Have you ever considered including your research participants in the process of doing scientific research? Josephien Jansen, PhD student in Clinical Neuropsychology, does so and in this blog post she explains why collaborating with experience experts is a fruitful endeavor.
Most people know that electroencephalography (EEG) measures brain activity. But probably few know that the first measurement of the human EEG came from an attempt to scientifically test telepathy, and even fewer that one of the first EEG devices from Groningen inspired the founding of a Dutch company. This blog post provides interesting historical insights into the measurement technique of EEG and it’s relation to Psychology in Groningen.
Cyclists are vulnerable, and particularly older cyclists have an increased risk of crashing. Therefore, Frank Westerhuis and his colleagues from the traffic psychology group investigated countermeasures to increase cyclists’ safety. This blog post reveals whether they were succesful in achieving this by using illusionary objects next to the cycle path.
Who hasn’t wanted to look inside someone’s head, especially when that person is acting strangely? A look into the brain can indeed be revealing, both from a medical and neuropsychological point of view, but also from an educational one. This is literally the case with ’P-0255’. But P-0255 is not an old personnel number as a colleague suspected, nor is it a neuroimaging scan; it is the number of a specimen from the University Museum’s pathological brain collection that shows a particular form of traumatic brain injury: a coup contre-coup.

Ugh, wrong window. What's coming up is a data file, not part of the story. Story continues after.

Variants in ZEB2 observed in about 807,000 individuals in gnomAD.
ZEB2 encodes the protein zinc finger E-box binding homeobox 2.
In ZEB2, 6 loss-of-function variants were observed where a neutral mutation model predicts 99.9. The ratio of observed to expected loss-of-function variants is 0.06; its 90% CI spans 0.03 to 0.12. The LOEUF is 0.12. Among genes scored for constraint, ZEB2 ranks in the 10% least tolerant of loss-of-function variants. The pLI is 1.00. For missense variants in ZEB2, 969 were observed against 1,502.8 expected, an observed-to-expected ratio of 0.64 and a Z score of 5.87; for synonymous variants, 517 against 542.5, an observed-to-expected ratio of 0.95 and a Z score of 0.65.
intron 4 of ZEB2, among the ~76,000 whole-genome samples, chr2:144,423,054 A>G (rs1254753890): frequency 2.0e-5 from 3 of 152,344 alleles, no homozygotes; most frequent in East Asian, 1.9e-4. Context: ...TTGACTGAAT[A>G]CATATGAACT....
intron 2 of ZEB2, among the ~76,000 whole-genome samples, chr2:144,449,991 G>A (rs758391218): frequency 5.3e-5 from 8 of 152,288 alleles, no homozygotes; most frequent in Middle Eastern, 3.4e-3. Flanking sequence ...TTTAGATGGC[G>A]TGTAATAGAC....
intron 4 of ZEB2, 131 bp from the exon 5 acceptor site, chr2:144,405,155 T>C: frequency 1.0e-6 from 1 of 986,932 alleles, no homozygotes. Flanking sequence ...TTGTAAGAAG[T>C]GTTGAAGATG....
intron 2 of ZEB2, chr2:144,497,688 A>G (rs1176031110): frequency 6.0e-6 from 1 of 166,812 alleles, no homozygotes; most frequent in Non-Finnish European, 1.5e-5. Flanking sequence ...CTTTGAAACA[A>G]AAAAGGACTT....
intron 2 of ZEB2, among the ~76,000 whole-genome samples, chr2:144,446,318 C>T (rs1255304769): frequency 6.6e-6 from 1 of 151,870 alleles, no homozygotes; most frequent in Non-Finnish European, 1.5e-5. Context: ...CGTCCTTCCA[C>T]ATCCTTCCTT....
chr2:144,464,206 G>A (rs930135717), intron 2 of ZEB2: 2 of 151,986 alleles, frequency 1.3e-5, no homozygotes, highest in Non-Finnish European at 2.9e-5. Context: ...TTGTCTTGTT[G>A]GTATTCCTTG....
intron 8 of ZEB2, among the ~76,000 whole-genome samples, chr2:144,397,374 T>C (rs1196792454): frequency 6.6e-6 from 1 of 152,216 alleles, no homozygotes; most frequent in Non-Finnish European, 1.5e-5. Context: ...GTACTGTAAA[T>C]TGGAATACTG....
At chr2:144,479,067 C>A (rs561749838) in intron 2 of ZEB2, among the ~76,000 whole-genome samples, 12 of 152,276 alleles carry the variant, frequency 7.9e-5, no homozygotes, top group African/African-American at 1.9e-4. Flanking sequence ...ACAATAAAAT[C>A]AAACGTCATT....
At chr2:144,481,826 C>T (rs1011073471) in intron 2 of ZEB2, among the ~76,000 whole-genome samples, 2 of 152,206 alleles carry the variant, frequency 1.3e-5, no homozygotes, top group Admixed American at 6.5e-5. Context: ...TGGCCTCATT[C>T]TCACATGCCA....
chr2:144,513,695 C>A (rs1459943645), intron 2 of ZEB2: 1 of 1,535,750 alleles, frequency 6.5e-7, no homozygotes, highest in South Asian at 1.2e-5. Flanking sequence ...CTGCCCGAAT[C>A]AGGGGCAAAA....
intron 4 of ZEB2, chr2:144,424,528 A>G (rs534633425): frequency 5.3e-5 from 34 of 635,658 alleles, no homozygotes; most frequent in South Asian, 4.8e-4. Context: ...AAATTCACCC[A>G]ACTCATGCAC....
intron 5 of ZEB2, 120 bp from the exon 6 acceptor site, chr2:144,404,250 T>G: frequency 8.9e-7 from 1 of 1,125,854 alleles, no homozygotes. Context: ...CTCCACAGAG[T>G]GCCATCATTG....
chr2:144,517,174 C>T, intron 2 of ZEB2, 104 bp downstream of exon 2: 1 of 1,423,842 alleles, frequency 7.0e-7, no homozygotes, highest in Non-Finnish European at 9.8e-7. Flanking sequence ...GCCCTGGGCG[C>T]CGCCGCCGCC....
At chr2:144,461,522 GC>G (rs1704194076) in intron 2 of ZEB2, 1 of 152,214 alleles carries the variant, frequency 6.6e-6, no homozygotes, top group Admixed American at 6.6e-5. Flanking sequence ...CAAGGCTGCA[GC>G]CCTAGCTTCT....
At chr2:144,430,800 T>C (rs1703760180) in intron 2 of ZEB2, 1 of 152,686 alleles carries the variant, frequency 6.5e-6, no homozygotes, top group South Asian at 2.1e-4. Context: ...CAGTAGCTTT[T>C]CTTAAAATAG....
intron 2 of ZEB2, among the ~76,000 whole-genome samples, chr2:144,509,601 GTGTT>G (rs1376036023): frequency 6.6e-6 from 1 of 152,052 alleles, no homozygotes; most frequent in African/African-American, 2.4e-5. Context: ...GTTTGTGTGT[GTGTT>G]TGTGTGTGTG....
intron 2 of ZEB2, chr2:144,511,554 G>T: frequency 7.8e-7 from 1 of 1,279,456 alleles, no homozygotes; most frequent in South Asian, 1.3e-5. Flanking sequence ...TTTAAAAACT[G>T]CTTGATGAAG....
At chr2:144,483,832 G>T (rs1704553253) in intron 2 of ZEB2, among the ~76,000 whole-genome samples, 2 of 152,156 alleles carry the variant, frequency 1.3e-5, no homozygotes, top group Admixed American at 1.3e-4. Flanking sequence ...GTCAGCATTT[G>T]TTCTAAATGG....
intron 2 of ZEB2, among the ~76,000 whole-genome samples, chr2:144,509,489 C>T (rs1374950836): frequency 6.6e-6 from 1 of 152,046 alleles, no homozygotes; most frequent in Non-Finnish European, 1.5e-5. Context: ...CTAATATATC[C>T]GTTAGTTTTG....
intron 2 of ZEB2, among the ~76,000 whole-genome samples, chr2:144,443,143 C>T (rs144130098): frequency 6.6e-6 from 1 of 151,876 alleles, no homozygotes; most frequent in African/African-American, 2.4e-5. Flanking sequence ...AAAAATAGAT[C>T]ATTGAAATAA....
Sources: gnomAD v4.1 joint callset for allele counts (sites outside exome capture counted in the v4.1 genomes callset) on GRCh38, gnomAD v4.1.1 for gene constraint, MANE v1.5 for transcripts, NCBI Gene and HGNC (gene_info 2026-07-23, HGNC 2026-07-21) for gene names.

Why teaching your (grand)parents how the computer works is so challenging: The Neuroscience of Learning and Healthy Aging
Learning helps us cope with changes in our surroundings, and also find the best neighborhood ice cream parlor. Yet, it usually becomes harder as we get older. Thankfully, scientific findings show that it doesn’t always have to be that way.
The opening hours of the university library in Groningen extend to 23:59h during exam weeks. But is it wise revising your exam materials late at night? Sophia Wilhelm puts this to doubt, and bases this on neuroscientific evidence.
Many think that believing in monism and not in any kind of metaphysical soul means believing in no mind at all. I am clearing up this misconception and argue that if the brain is the mind (just on a different level), psychology becomes the indirect study of the brain and neuroscience becomes the indirect study of the mind.
Behavioural geneticists have shown that individual differences are partly driven by variation in DNA. Important discussions about this work include the innovation in methods, whether it possible and wise to use these findings in everyday life, and the ethical boundaries when applying these findings. We review these questions in this post.
Scientific sources and popular media alike frequently report on the occurrence of university students feigning attention-deficit/hyperactivity disorder (ADHD) and misusing stimulant medication for non-medical use. How is it with the BSS students at our faculty?
What’s happening at the faculty now that we are in lock-down? Actually, more than you think. This blog post gives you a sneak preview of the changes that happened to the faculty garden and the Heymans building.